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Why I Canceled My Ancestry.com Subscription

February 15th, 2008

I have been a subscriber to Ancestry.com for the past eight years, but recently I decided to cancel my subscription. I did this for three reasons.

The first reason is that, although in the beginning I was a more than satisfied customer and that my subscription to the on-line genealogy service had benefited me greatly, over time my satisfaction with the service had significantly dropped off. It was in the past year or so that I began to realize that my return on invest had decreased dramatically over the years while the annual cost of the subscription has increased three-fold. I do not recall what my original subscription rate was in the beginning, but I do know that at one time I was paying about $40 a year. This year, to renew my subscription, I would have to have paid $150. I know that I was the one who signed-up for some extra package along the way, but I just did not realize that I was signing up for more than what I felt comfortable with paying each year. Beside, as I said, as time went by I was actually getting less benefit from my subscription as I was when I first started doing my family research on-line.

Reason number two: There is one thing that has always bothered me about Ancestry.com and that is that they seem to be more interested in hooking new customers than they do in making their service more appealing to veteran subscribers who just want to browse or query specific databases. The bottom line is that, although I do love the content that Ancestry.com has to offer, I really hate the overall design of the web-site.

The final reason why I canceled my Ancestry.com subscription was because I wanted to see if they were going to try hard-sell me once again or make it difficult for me to cancel – in other words, partly out of spite as the result of a previous customer experience.

About two years ago I wanted to cancel my subscription because I did not like the fact that they automatically renewed my subscription with out so much as friendly reminder. Once I understood what the terms were, I tried going on to Ancestry.com on-line to cancel (or least disable) the next renewal and found that there was no way to do this on-line (go here to see Ancestry.com’s current terms and conditions). Finally after nearly an hour of searching on-line I finally found a phone number for Ancestry.com – published by a third-party on some forum somewhere – and got to speak to someone at Ancestry.com on the phone. After they explained to me the terms, I told them that I understood and I asked that for next cycle that I not be billed again – in other words, next year, DO NOT AUTOMATICALLY RENEW MY SUBSCRIPTION – I wanted to settle now and not have to fool with this later. This concept was totally foreign to the person I was speaking to. The only sensible thing that they had to offer was a way for me to combine the two subscriptions (packages) that I was currently signed-up for thereby lowering the cost of the annual subscription. Being a push-over and thinking that I was saving money, I agreed to this. Yes, I did want the service and the content that it had to offer, but I did not think that I should have to pay more for it especially if the benefit I was getting from the service was declining over time. As it turns out I was not saving money – I was just setting myself up to spend more for less.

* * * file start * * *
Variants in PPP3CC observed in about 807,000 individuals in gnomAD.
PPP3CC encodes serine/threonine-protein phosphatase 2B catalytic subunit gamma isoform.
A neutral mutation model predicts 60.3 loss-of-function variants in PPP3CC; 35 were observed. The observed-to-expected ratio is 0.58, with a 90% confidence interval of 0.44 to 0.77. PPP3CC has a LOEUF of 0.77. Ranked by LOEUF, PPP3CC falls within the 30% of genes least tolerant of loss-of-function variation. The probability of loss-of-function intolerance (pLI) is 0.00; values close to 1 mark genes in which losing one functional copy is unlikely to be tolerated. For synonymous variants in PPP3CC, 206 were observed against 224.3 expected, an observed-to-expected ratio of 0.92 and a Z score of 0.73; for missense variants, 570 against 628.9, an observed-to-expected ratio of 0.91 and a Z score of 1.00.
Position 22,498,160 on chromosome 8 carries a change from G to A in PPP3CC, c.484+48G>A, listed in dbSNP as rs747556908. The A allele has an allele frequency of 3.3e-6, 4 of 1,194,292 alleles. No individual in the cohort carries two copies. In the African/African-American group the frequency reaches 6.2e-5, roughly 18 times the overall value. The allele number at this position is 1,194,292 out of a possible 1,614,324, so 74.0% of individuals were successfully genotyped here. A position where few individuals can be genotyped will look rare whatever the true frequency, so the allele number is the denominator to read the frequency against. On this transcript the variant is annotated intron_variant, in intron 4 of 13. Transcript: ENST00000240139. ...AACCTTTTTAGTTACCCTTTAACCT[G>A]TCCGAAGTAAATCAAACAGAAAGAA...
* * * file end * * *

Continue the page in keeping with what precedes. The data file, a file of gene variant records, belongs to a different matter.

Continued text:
(NOTE: that since that earlier time they have now made it so that you can cancel your subscription on-line and they do now make their phone number available).

About a month before I received a renewal notice from Ancestry.com – which, by the way, was the first and only one I recall every receiving – I stumbled upon the Wikipedia article for Ancestry.com and read the following:

There are some who disapprove of the policies and business practices of The Generations Network and the sites it operates. Some sites, e.g. BadBusinessBureau.com, catalog these stories. Ancestry.com and affiliates sell perpetual subscriptions that only end when they are cancelled, sometimes allowing them to collect from long deceased subscribers.

Following the BadBusinessBureau link I read some of the "RipoffReports" about Ancestry.com and came to realization that I was not the only one who was dissatisfied.

Overall I would liken my experience with Ancestry.com as watching the greatest movie every made in a run-down movie theatre, where they charge you five bucks for a coke and ten bucks for popcorn. Yes, I did have a good time, but I think that next time I’ll spend my money some place else. Thank you very much.

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